Money Talks, So Should You

Is it worth it: Store credit cards

Clint Williams
by Clint Williams, Dimespring Contributor

You hear it from store clerks more than “Have a nice day.”

Just apply for our store credit card, they say, and save 10 percent off your purchase today.

Who doesn’t like a discount?

The issue

Americans love their plastic.

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There are 383 million open credit card accounts in the US, according the Federal Reserve Bank of New York. Total credit card debt stands at about $850 billion – with a B. The average credit card borrower owes $4,965, according to TransUnion, the company that tallies your credit score.

And still retailers think everyone needs another credit card.

The breakdown

Why? Well, to get you to shop at their store, to start. If you have a credit card you can use only at Macy’s, where are you going to go Christmas shopping?

Also, the interest rates are typically pretty steep. The interest on purchases charged to your Walmart credit card is 22.90 percent.

Store credit cards do offer some perks. The Walmart card, for example, gets you 5¢ per gallon at participating Walmart gas stations. Other cards offer reward points.

The REDcard offered by Target gets you a 5 percent discount on every purchase – a perk that gives even professional cheapskate Clark Howard pause. Assuming, of course, you pay off your balance to avoid the 22.90 percent interest charges.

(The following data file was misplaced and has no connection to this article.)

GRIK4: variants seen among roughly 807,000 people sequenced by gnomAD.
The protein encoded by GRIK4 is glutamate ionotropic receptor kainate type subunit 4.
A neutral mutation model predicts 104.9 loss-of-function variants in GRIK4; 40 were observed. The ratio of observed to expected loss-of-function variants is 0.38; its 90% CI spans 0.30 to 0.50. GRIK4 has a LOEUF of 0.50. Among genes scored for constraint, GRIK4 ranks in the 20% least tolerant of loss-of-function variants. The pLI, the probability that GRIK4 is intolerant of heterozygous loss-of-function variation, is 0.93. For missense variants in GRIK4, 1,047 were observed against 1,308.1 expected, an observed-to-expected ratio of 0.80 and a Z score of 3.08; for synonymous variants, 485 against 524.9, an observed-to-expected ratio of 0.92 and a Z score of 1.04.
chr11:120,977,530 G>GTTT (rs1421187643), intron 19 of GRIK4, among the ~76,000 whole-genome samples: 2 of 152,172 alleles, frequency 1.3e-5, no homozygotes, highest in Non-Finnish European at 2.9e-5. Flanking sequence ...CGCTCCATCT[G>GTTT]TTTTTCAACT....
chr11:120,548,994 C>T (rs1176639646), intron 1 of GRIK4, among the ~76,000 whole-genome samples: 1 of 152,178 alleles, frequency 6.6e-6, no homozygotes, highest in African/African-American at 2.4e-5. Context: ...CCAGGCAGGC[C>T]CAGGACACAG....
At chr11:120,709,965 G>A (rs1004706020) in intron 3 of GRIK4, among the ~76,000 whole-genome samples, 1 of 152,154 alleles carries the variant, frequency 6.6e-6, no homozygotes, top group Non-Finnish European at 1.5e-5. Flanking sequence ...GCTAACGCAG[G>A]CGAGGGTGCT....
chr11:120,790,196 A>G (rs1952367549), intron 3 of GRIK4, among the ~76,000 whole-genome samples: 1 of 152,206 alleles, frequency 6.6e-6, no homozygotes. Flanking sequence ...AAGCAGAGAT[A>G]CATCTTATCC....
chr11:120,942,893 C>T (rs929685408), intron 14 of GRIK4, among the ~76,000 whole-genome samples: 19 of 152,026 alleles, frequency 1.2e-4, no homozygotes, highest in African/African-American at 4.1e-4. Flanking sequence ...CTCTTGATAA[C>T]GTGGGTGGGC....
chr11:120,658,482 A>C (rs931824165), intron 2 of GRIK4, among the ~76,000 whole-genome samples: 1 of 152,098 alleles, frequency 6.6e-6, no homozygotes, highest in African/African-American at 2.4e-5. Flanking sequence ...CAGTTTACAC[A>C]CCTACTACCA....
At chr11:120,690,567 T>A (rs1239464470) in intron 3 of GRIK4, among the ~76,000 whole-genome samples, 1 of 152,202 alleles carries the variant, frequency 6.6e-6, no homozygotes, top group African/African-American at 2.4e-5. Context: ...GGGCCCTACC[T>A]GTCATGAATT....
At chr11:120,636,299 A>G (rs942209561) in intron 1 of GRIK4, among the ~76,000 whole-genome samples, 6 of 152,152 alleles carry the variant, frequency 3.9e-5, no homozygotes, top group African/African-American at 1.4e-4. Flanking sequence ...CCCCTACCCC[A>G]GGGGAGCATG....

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Store cards typically have more forgiving credit standards than major credit cards such as Visa or Discover. That makes them an option for someone trying to build – or rehabilitate – a credit history.

Applying for store credit cards will ding your credit score – just the inquiry to the credit bureaus counts against you. The more cards you have – the greater your potential liabilities – the greater credit risk you are considered. So that discount at the checkout could make it harder to get a mortgage or automobile loans.

The verdict

If you are a disciplined spender – a big if for many folks – a store card that offers continuing discounts such the REDcard might be a smart move. And those looking to build a credit history can benefit from responsible use of a single store credit card.

Otherwise, smile and tell the sales clerk, “No, thanks.”

 

Clint Williams is an Arizona-based freelancer for DImespring. He has written for the Arizona Republic and the Atlanta Journal-Constitution.